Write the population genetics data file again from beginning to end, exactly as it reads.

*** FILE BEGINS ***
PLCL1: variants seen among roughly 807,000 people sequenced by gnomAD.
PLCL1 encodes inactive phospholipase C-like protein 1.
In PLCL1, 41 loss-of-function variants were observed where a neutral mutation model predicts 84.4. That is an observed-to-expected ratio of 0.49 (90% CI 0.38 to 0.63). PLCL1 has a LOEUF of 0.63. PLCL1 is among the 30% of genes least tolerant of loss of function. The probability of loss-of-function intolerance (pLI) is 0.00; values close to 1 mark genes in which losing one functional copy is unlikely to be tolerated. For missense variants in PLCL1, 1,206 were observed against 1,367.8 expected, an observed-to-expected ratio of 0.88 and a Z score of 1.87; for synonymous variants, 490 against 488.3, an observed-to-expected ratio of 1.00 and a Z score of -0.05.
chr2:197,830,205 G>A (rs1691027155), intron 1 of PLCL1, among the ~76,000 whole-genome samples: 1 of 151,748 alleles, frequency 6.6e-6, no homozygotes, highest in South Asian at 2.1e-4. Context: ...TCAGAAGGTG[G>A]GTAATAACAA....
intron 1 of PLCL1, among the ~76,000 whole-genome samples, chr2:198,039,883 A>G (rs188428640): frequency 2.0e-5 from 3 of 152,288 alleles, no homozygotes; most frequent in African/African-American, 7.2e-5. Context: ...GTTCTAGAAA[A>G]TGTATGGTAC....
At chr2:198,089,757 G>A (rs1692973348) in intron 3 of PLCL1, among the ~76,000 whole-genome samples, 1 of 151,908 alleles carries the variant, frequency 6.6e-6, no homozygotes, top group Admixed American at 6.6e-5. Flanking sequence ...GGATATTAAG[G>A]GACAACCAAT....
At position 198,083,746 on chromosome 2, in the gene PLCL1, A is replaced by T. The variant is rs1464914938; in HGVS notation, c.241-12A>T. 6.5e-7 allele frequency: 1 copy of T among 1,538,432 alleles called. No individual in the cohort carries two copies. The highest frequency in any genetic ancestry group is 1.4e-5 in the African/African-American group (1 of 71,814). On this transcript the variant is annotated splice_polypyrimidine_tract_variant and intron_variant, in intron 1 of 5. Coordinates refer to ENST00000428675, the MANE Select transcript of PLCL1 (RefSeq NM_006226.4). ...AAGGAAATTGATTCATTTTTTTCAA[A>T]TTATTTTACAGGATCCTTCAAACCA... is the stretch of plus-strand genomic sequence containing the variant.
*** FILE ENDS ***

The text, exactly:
PLCL1: variants seen among roughly 807,000 people sequenced by gnomAD.
PLCL1 encodes inactive phospholipase C-like protein 1.
In PLCL1, 41 loss-of-function variants were observed where a neutral mutation model predicts 84.4. That is an observed-to-expected ratio of 0.49 (90% CI 0.38 to 0.63). PLCL1 has a LOEUF of 0.63. PLCL1 is among the 30% of genes least tolerant of loss of function. The probability of loss-of-function intolerance (pLI) is 0.00; values close to 1 mark genes in which losing one functional copy is unlikely to be tolerated. For missense variants in PLCL1, 1,206 were observed against 1,367.8 expected, an observed-to-expected ratio of 0.88 and a Z score of 1.87; for synonymous variants, 490 against 488.3, an observed-to-expected ratio of 1.00 and a Z score of -0.05.
chr2:197,830,205 G>A (rs1691027155), intron 1 of PLCL1, among the ~76,000 whole-genome samples: 1 of 151,748 alleles, frequency 6.6e-6, no homozygotes, highest in South Asian at 2.1e-4. Context: ...TCAGAAGGTG[G>A]GTAATAACAA....
intron 1 of PLCL1, among the ~76,000 whole-genome samples, chr2:198,039,883 A>G (rs188428640): frequency 2.0e-5 from 3 of 152,288 alleles, no homozygotes; most frequent in African/African-American, 7.2e-5. Context: ...GTTCTAGAAA[A>G]TGTATGGTAC....
At chr2:198,089,757 G>A (rs1692973348) in intron 3 of PLCL1, among the ~76,000 whole-genome samples, 1 of 151,908 alleles carries the variant, frequency 6.6e-6, no homozygotes, top group Admixed American at 6.6e-5. Flanking sequence ...GGATATTAAG[G>A]GACAACCAAT....
At position 198,083,746 on chromosome 2, in the gene PLCL1, A is replaced by T. The variant is rs1464914938; in HGVS notation, c.241-12A>T. 6.5e-7 allele frequency: 1 copy of T among 1,538,432 alleles called. No individual in the cohort carries two copies. The highest frequency in any genetic ancestry group is 1.4e-5 in the African/African-American group (1 of 71,814). On this transcript the variant is annotated splice_polypyrimidine_tract_variant and intron_variant, in intron 1 of 5. Coordinates refer to ENST00000428675, the MANE Select transcript of PLCL1 (RefSeq NM_006226.4). ...AAGGAAATTGATTCATTTTTTTCAA[A>T]TTATTTTACAGGATCCTTCAAACCA... is the stretch of plus-strand genomic sequence containing the variant.